Israel's Emergency Agencies' Dispute Puts Public at Risk, Local Governments Warn PM

Local leaders fear disagreement over responsibilities and a lack of coordination between the military and the national emergency authority damage Israelis' readiness for war

File photo: Israeli Home Front Command soldiers at a house his by a rocket fired from Gaza, in the southern city of Be'er Sheva, October 17, 2018.
Eliyahu Hershkovitz

An ongoing dispute between Israel's two main emergency agencies is damaging the public's readiness for war, heads of local governments warned Prime Minister Benjamin Netanyahu on Monday. In a letter, local leaders urged Netanyahu, who also serves as defense minister, to solve disagreements between the Israel Defense Forces' Home Front Command and the Defense Ministry's National Emergency Management Authority. 

The Federation of Regional Councils and the Federation of Local Authorities said the disagreements between the two defense institutions over division of responsibilities and the stalled implementation of a governmental report on their operations make it difficult for local governments to prepare for emergencies. 

>> In campaign against rival Gantz, Netanyahu sends worrying message to the army | Analysis

In May, then-Defense Minister Avigdor Lieberman endorsed the recommendations of a committee appointed by him earlier last year on the two organizations. The committee, headed by Maj. Gen. (res.) Avi Mizrahi, recommended that NEMA, also known by its Hebrew acronym Rahel, remain an advisory body in the Defense Ministry, while only the Home Front Command would have operational authority.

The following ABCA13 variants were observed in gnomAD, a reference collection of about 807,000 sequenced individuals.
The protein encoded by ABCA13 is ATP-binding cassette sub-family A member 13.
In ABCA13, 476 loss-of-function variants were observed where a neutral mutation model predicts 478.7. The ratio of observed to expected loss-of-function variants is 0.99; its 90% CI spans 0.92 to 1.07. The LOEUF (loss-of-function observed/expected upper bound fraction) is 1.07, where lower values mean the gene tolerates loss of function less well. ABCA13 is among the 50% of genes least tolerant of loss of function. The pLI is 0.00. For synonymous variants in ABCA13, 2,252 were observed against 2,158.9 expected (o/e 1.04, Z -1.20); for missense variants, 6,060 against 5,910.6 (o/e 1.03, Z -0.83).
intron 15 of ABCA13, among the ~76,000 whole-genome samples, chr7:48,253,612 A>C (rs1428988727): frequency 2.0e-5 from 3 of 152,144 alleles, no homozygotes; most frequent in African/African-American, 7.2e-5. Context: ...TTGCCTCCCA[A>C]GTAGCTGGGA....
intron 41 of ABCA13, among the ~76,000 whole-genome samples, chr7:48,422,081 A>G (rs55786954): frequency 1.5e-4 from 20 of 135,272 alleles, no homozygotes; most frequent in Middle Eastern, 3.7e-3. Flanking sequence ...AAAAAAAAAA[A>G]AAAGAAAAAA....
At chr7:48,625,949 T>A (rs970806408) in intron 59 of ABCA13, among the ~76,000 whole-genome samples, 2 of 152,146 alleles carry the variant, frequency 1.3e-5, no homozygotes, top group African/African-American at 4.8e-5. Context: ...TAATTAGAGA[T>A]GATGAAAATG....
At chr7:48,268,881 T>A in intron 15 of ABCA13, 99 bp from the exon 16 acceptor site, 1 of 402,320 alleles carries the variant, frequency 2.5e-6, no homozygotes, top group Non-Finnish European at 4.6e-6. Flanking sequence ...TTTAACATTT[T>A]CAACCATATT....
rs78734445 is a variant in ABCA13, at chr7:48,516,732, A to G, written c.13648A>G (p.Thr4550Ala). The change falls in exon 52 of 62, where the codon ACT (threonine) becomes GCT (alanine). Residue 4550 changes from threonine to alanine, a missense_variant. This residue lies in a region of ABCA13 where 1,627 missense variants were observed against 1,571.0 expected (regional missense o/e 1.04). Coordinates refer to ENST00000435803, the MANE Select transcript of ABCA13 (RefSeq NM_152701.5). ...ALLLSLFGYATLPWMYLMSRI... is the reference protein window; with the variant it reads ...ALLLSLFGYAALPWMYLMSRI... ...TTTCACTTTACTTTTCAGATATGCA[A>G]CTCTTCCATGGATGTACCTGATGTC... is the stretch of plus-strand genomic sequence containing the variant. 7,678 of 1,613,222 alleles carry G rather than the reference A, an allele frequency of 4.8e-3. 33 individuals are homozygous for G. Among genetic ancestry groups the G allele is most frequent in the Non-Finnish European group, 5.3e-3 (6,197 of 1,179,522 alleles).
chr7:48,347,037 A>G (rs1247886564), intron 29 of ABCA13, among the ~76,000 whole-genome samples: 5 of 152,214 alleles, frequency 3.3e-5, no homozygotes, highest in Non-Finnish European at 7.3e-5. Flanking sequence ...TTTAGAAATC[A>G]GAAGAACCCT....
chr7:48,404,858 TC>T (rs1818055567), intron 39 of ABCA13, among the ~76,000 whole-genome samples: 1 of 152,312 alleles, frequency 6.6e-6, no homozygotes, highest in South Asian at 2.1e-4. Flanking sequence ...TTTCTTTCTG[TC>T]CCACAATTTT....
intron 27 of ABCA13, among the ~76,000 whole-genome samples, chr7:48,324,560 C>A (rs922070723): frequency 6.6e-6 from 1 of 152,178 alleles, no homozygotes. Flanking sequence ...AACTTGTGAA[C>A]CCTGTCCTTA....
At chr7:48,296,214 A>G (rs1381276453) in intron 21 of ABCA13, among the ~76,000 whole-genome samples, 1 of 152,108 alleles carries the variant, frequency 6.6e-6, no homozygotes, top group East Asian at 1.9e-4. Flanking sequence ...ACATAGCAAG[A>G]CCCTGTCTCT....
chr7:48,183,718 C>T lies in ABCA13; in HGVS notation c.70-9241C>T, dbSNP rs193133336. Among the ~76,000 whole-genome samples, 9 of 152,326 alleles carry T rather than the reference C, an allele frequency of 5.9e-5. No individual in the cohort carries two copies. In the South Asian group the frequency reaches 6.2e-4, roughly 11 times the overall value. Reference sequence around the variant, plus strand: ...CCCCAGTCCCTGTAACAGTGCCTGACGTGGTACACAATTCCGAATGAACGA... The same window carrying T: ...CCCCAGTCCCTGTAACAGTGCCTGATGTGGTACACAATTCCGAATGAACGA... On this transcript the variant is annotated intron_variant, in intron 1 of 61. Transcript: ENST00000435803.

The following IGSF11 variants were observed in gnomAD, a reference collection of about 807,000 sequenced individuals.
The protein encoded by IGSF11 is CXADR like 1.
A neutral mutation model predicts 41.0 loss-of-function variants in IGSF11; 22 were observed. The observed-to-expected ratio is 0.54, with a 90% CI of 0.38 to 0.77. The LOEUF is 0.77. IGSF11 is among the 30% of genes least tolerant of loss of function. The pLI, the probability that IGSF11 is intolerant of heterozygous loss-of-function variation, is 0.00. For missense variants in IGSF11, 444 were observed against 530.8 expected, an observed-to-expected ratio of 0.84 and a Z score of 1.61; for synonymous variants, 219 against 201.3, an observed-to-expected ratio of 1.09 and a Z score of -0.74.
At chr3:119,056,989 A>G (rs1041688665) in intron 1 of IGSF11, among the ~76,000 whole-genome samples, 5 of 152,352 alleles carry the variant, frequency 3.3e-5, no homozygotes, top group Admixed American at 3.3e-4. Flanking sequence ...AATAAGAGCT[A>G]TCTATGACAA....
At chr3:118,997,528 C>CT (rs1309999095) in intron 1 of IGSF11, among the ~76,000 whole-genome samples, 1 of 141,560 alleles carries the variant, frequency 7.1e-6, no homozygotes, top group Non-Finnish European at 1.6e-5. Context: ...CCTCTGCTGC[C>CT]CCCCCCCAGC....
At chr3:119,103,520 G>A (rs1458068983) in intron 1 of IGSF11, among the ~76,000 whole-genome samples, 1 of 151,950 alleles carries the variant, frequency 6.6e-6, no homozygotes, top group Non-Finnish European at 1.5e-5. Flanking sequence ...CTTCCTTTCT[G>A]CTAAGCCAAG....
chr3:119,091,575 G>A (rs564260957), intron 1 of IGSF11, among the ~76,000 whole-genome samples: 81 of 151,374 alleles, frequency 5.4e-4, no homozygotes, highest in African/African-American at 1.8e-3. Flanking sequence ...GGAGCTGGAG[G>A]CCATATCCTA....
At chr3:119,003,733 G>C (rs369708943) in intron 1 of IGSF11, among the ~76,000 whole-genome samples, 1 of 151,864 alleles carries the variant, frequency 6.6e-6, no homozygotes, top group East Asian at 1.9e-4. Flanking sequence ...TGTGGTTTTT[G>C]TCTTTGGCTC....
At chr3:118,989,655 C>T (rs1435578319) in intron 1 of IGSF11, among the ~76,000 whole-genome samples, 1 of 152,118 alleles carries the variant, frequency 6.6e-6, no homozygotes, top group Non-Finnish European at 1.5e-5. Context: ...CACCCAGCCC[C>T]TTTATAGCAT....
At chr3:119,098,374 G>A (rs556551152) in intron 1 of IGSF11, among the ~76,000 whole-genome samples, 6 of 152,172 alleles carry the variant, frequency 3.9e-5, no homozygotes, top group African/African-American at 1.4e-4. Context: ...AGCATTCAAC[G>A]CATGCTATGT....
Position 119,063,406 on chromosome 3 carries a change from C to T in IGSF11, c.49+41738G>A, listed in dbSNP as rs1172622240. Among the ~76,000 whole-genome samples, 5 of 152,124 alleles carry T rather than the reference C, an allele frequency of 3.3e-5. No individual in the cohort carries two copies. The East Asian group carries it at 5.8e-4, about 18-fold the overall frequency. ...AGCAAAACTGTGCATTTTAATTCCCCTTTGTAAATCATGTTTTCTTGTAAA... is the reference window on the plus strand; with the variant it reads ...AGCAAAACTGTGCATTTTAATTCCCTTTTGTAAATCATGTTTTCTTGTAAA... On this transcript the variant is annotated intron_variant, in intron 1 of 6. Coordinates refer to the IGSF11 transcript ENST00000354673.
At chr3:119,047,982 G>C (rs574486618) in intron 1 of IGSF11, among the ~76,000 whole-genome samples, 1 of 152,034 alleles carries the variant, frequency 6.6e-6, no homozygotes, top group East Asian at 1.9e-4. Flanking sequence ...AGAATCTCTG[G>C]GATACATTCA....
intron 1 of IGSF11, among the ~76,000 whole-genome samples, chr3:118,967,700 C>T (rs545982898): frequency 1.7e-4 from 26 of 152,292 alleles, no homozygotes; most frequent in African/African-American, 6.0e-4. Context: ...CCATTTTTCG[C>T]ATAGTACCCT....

The committee said the responsibilities and authority of the Home Front Command and NEMA overlap andthat  the two bodies do not properly coordinate their operations with each other. In many areas, such as the establishment of operations rooms, exercises and training, NEMA uses its own resources, which are not synchronized with those of the Home Front Command. This, the committee found, causes massive waste of resources. 

For example, the two bodies are in constant contact with municipalities and local governments, in parallel and without any coordination. The Home Front Command has intensive ties with local governments, as a result of the lessons learned from the Second Lebanon War in 2006. The State Comptroller found in a report after the war that the lack of clarity concerning the responsibility over the home front led to only a partial response by the Home Front Command in aiding civilians and hindered the IDF's efforts to assist northern residents, who suffered under Hezbollah rocket barrages for over a month.

Even though Lieberman, and later Netanyahu himself, agreed to the committee's recommendations, in practice, none of them were implemented and the battle over power between the two bodies continues.

The letter to Netanyahu was signed by Shai Hajaj, the chairman of the Federation of Regional Councils and the head of the Merhavim Regional Council, and Haim Bibas, the mayor of Modi’in and the chairman of the Federation of Local Authorities. It states that the crisis between the two bodies began after Brig. Gen. (res.) Zeev Zuk-Ram was appointed the head of NEMA last year, and past understandings have been canceled.

Zuk-Ram was a member of the Mizrahi committee and supported its recommendations, but the IDF says he is making it difficult to implement the committee’s report today. Asking Netanyahu to return the situation to what it was before Zuk-Ram took office, Hajaj and Bibas wrote Netanyahu that they regard the situation as very severe and said it could seriously harm the response provided to civilians in emergency.